A local group has made several moves in the last two years to make Bloomington-Normal friendlier to people with autism.
In that time, Autism McLean has created new spaces for people on the spectrum to gather, such as a summer camp and a social cafe at the Normal Public Library.
Chuck Hartseil said on GLT’s Sound Ideas the group is also working to educate community groups and businesses about autism.
“We want to continue to raise awareness within the community,” Hartseil said. “We want to make sure that individuals with autism feel more relaxed going into businesses. We’re looking to network with other organizations in the area that are providing services to help them better respond to individuals with autism.”
One way Autism McLean is doing this is through the use of sensory bags.
“(These) are bags that businesses can have that will provide different items for individuals with autism to help them relax within that environment or have a better experience there so they’re not anxious over loud noises or things of that nature,” Hartseil said.
Contents of the bag include headphones, dark glasses, fidget toys and teething items to chew on.
Hartseil said the group is also continuing to approach businesses in regard to employment opportunities. They’re trying to show that workers who have autism can be good employees.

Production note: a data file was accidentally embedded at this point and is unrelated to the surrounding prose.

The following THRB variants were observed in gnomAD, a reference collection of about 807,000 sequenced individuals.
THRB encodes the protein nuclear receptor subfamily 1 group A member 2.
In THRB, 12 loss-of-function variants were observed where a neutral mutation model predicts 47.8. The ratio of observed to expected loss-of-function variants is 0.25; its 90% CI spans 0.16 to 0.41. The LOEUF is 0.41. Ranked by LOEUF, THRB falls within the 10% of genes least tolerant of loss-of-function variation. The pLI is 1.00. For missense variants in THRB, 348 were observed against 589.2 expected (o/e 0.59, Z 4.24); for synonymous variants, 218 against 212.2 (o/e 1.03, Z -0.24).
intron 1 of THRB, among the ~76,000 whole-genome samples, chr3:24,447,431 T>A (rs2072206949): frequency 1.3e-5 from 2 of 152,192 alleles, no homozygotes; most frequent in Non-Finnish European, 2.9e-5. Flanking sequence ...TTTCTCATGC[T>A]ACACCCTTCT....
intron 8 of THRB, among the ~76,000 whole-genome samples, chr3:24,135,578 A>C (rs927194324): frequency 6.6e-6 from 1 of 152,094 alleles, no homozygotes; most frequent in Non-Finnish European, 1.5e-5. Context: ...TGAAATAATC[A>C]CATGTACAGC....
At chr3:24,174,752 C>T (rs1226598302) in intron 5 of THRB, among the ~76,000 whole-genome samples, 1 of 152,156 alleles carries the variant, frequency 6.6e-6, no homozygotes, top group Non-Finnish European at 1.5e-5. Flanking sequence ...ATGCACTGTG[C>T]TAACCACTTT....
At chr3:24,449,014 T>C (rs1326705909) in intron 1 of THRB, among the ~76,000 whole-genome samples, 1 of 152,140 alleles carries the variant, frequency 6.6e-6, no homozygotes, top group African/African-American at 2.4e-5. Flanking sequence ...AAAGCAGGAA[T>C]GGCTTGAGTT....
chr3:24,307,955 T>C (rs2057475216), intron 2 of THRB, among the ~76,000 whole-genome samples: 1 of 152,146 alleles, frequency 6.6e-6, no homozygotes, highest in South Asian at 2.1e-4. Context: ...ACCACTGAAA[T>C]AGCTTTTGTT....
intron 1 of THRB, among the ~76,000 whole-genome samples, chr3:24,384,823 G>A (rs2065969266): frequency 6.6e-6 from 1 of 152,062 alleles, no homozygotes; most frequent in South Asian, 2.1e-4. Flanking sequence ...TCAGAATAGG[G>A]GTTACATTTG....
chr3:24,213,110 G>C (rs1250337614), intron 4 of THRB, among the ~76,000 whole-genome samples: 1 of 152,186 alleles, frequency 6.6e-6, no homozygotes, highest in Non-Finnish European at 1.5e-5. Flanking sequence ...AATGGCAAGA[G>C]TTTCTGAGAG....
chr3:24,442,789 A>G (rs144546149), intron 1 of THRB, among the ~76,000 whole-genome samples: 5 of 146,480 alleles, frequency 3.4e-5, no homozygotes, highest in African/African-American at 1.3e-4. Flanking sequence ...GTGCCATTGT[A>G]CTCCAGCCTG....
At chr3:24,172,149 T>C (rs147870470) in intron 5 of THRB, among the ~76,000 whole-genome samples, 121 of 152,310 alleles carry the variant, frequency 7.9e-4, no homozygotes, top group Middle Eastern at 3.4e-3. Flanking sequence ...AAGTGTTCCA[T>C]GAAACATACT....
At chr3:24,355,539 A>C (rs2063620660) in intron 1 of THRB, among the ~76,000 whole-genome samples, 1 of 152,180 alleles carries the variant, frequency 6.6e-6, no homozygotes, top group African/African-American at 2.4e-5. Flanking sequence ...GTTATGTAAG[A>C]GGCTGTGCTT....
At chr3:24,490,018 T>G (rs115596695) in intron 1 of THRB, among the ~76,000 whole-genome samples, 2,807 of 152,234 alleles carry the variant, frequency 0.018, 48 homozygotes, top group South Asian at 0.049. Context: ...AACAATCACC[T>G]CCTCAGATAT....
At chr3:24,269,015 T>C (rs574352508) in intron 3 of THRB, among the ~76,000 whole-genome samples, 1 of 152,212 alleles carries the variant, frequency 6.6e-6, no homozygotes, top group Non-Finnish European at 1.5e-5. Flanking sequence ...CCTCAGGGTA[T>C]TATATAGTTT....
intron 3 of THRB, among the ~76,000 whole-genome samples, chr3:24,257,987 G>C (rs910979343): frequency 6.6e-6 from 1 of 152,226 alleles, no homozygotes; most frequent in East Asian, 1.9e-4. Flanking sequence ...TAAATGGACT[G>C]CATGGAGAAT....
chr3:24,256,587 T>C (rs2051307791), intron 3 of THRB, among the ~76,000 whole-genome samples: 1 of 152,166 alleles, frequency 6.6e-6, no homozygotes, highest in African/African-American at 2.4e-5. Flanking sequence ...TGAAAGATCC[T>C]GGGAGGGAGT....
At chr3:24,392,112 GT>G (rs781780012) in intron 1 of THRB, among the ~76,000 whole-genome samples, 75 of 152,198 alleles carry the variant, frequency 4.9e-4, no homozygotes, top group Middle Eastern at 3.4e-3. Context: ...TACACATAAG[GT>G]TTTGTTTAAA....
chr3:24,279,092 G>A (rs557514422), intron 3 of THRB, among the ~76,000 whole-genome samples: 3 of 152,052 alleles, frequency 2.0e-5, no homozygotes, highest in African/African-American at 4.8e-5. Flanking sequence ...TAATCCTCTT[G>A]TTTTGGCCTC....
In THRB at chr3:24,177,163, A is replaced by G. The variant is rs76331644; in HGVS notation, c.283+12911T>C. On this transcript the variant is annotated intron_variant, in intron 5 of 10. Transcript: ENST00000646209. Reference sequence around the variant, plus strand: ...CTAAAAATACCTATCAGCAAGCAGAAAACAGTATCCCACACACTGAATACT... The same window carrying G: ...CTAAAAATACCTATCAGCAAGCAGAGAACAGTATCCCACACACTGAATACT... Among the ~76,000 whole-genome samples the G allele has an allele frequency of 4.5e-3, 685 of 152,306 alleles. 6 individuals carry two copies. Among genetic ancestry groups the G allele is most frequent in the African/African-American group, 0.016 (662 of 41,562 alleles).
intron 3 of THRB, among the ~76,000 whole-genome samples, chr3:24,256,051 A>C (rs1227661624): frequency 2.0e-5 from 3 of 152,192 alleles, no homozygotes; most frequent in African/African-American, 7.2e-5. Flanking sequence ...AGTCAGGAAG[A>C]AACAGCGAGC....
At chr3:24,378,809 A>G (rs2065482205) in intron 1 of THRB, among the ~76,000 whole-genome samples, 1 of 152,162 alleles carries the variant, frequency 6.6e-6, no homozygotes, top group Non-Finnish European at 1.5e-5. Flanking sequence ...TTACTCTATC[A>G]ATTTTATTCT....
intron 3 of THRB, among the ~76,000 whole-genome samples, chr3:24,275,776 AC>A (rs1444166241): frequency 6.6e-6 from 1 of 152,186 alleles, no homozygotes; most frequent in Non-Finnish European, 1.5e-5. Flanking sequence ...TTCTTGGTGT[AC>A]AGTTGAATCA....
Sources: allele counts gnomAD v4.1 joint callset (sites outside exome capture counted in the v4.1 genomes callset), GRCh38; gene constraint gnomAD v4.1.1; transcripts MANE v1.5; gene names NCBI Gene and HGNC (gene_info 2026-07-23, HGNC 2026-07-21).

“We’re focusing on the abilities that they might bring to a position or to a company,” Hartseil said. “This is an opportunity for them to be in attendance, follow routine, (and) when given directions, they will follow those out to the letter. So we’re accentuating the positive aspects of what can happen.”
Hartseil added the issues individuals with autism may run into at the workplace often involve interpersonal relations.
For Marty Murphy of Autism McLean, small talk is a challenge.
“I don’t make small talk well, and I’m expected to. And I don’t really understand why I’m expected to make small talk,” Murphy said. “To me, you’re not conveying anything. Small talk is pointless. I would rather sit in silence.”
Murphy said it is also important that employers are clear about exactly what they are asking of their employees who are on the autism spectrum.
She added the way to help neuro-standard people understand how individuals with autism react to interpersonal and business situations is spreading awareness.
“I think that just comes from awareness. We seem unusual, but we’re not violent,” Murphy said. “I think as word spreads and autism awareness grows, people are becoming more aware of the diversity.”
The group has also worked with the Jaycees and Marcfirst to develop an inclusive playground at Harmony Park and is working to help individuals with autism accommodate themselves within college environments.
Autism McLean will hold a celebration Saturday at 10:30 a.m. at Uptown Circle in Normal recognizing different people and businesses in the community who have demonstrated an autism friendly and welcoming atmosphere.
You can also listen to the full interview:
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